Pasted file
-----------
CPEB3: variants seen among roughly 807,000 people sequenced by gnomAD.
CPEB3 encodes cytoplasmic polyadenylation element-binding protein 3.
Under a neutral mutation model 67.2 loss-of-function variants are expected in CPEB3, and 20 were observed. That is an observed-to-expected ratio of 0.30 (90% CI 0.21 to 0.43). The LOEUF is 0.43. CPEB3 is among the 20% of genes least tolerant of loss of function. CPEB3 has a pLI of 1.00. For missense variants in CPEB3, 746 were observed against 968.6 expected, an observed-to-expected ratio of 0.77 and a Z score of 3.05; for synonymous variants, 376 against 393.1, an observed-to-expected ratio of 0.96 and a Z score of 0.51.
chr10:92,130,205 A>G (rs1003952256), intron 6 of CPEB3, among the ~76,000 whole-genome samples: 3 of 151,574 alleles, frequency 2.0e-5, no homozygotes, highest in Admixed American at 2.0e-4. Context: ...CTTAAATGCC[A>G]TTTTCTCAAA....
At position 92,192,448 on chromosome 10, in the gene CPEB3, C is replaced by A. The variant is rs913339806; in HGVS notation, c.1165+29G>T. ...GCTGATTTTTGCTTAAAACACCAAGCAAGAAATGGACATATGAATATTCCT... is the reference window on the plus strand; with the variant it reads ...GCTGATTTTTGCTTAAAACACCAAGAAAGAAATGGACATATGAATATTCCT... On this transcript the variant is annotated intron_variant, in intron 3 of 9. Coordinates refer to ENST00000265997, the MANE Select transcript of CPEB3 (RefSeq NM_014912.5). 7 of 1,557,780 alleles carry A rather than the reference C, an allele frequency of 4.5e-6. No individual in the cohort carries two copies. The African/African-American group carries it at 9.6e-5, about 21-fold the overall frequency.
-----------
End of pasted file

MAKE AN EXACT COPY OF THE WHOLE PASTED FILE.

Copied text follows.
CPEB3: variants seen among roughly 807,000 people sequenced by gnomAD.
CPEB3 encodes cytoplasmic polyadenylation element-binding protein 3.
Under a neutral mutation model 67.2 loss-of-function variants are expected in CPEB3, and 20 were observed. That is an observed-to-expected ratio of 0.30 (90% CI 0.21 to 0.43). The LOEUF is 0.43. CPEB3 is among the 20% of genes least tolerant of loss of function. CPEB3 has a pLI of 1.00. For missense variants in CPEB3, 746 were observed against 968.6 expected, an observed-to-expected ratio of 0.77 and a Z score of 3.05; for synonymous variants, 376 against 393.1, an observed-to-expected ratio of 0.96 and a Z score of 0.51.
chr10:92,130,205 A>G (rs1003952256), intron 6 of CPEB3, among the ~76,000 whole-genome samples: 3 of 151,574 alleles, frequency 2.0e-5, no homozygotes, highest in Admixed American at 2.0e-4. Context: ...CTTAAATGCC[A>G]TTTTCTCAAA....
At position 92,192,448 on chromosome 10, in the gene CPEB3, C is replaced by A. The variant is rs913339806; in HGVS notation, c.1165+29G>T. ...GCTGATTTTTGCTTAAAACACCAAGCAAGAAATGGACATATGAATATTCCT... is the reference window on the plus strand; with the variant it reads ...GCTGATTTTTGCTTAAAACACCAAGAAAGAAATGGACATATGAATATTCCT... On this transcript the variant is annotated intron_variant, in intron 3 of 9. Coordinates refer to ENST00000265997, the MANE Select transcript of CPEB3 (RefSeq NM_014912.5). 7 of 1,557,780 alleles carry A rather than the reference C, an allele frequency of 4.5e-6. No individual in the cohort carries two copies. The African/African-American group carries it at 9.6e-5, about 21-fold the overall frequency.